Cast : Ben Stiller, Jack Black, Robert Downey Jr., Matthew McConaughey, Tom Cruise, Brandon T Jackson, Nick Nolte, Steve Coogan, Jay Baruchel.
Synopsis: When the cast of the latest action movie, Tropic Thunder, are inadvertently sent into battle with real live bad guys, they must overcome their blatant differences and save the lead actor from being sequestered to spend the rest of his days re-performing his role in one of cinema’s most awful films.
I’ll bite, I usually detest anything Ben Stiller has to do with. I loathed the “hilarious” Meet The Parents/Fockers series, I barely made it through Zoolander, abhorred The Heartbreak Kid and avoided entirely Along Came Polly, Envy and Duplex. The only films Stiller has appeared in that I have found worthwhile are Keeping The Faith, and Dodgeball, both of which are highly entertaining on levels other than simply Stiller. Mystery Men was great, however, Stiller was not. He’s always been a comedian of limited range and scope, perhaps in a similar way to Jim Carrey in that he’s a one note joke the majority of the time. Whereas Carrey has managed to eke out a dramatic career for himself as well, Stiller has, to the best of my knowledge, yet to do so in a convincing way. Keeping The Faith was perhaps the best example of him in a more straight role than an out-and-out comedy.
Thankfully, though, Tropic Thunder doesn’t solely rely on the comedy stylings of Stiller, and his wimpy, idiotic blitherings. Stiller plays the put-upon hero so well, he can do it with his eyes closed. In Tropic Thunder, that character is present, but not overwhelmingly so, and the film is the better for it. With one eye on the character, and one on the camera, Stiller both acts and directs this enormously successful comedy epic. And, in what is for me a genuine shock, the film is actually pretty damned good. Tropic Thunder is one of those ensemble action films which take the mickey out of Michael Bay, Apocalypse Now, almost any Bruce Willis flick and even, if my film knowledge serves me right, a little of Forrest Gump.
Stiller plays Tugg Speedman (yeah, I know), an action hero basking in past glory, now seeking to resurrect his career by making a film with a bunch of other “stars”, five time Oscar winner Kirk Lazarus (Robert Downey Jr.), an Australian actor who undergoes a skin pigmentation procedure to enable him to portray his characters African-American background, Jeff Portnoy (Jack Black), a washed up Eddie Murphy style “comedian” who insists on making films in which he plays every character (a tip of the hat to the Nutty Professor films), and a genuinely black Alpa Chino (played by Brandon T Jackson, no doubt including the T to emulate Samuel L Jackson), a rapper trying to instigate an acting career (a lot like 50 Cent) whilst promote a new lone of crazy energy drinks. When the studio funding their latest war picture threatens to cut the funding, director Damien Cockburn (Steve Coogan) decides to utilise the “shoot realistic” tack, and throws his cast out into the jungle to film them guerrilla style, to save both the film, and money, using Big Brother style camera placements to film them in a realistic situation. The problems really begin when real live Vietnamese drug barons discover the group of actors (armed only with weapons filled with blanks) and assume they are real American soldiers, and go as far as to take Speedman hostage.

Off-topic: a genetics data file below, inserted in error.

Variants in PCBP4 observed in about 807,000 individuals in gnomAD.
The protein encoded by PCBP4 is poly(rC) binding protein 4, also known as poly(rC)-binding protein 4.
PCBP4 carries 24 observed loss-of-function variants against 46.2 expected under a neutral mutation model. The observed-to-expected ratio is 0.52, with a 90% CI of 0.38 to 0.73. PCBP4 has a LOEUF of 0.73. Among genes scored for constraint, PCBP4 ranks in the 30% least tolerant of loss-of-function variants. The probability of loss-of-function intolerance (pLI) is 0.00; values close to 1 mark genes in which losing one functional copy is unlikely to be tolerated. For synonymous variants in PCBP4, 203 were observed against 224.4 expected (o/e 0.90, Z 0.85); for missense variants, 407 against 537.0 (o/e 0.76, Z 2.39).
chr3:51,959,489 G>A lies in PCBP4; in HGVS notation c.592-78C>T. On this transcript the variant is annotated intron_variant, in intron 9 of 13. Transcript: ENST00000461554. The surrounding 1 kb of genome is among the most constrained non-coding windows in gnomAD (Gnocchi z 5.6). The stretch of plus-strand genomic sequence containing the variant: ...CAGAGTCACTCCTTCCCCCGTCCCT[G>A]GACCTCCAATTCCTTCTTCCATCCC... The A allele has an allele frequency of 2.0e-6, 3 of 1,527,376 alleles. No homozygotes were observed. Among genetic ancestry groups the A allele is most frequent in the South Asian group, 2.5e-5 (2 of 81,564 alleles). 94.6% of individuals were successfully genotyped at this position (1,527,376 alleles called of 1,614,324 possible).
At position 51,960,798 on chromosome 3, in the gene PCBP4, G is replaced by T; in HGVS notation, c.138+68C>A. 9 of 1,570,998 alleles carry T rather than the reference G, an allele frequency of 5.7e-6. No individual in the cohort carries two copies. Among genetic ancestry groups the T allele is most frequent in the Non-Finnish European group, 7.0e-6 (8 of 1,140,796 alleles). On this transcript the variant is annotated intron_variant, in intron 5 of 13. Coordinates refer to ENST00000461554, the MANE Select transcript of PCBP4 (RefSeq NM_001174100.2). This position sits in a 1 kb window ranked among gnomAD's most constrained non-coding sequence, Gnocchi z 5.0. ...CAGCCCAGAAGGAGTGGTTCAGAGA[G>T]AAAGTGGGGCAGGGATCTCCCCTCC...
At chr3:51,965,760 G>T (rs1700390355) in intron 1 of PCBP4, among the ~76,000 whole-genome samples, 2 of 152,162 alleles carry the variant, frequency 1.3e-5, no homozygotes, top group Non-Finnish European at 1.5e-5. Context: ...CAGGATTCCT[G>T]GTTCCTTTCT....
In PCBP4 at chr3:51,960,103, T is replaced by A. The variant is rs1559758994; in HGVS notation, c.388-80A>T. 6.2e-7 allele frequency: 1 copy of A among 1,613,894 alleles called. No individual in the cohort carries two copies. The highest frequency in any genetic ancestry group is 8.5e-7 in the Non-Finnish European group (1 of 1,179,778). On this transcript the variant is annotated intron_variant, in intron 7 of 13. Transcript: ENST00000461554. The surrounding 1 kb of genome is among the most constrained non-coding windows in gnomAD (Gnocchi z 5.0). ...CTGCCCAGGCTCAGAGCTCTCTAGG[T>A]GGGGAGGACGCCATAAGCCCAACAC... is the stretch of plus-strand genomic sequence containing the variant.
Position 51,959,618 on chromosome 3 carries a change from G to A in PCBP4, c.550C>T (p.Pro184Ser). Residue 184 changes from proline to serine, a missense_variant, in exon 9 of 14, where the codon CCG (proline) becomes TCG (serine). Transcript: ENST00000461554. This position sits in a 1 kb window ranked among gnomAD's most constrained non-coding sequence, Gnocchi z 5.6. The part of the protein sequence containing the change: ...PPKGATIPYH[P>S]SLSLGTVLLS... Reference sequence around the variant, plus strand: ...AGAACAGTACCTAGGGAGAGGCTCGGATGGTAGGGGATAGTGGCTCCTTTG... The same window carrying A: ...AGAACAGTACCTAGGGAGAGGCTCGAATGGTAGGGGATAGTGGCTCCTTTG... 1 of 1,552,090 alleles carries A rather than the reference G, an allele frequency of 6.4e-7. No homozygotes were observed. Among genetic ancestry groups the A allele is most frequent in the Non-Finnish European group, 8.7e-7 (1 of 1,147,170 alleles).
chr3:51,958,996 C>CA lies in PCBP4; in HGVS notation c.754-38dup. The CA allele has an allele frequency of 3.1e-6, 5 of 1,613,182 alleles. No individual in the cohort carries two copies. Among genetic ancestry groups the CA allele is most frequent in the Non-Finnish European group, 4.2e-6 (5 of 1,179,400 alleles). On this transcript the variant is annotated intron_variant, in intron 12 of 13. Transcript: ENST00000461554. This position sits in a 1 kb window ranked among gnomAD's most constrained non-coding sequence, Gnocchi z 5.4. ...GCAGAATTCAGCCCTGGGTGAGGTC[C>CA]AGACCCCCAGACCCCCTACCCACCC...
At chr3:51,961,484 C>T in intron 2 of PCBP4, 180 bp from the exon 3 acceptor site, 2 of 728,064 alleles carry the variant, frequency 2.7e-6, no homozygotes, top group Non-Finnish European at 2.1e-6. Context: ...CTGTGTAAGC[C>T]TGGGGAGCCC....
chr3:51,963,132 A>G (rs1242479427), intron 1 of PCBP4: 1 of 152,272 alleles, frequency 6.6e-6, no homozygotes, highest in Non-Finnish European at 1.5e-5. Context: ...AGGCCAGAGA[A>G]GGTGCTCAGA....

Back in Hollywood, a wonderful Matthew McConaughey plays Speedman’s agent, Rick Peck (known in the industry as Pecker), who, after a slight miscommunication with his idiotic star performer, goes on an angry rampage to the studio demanding installation of Tivo to Speedman’s house, under the Tropic Thunder contract. The studio boss, Les Grossman (Cruise), an overweight, balding dictator with a gutter mouth, calls down the thunder upon Speedman and the film, essentially casting the film aside and hoping the insurance will cover the costs and provide a slight windfall of profit.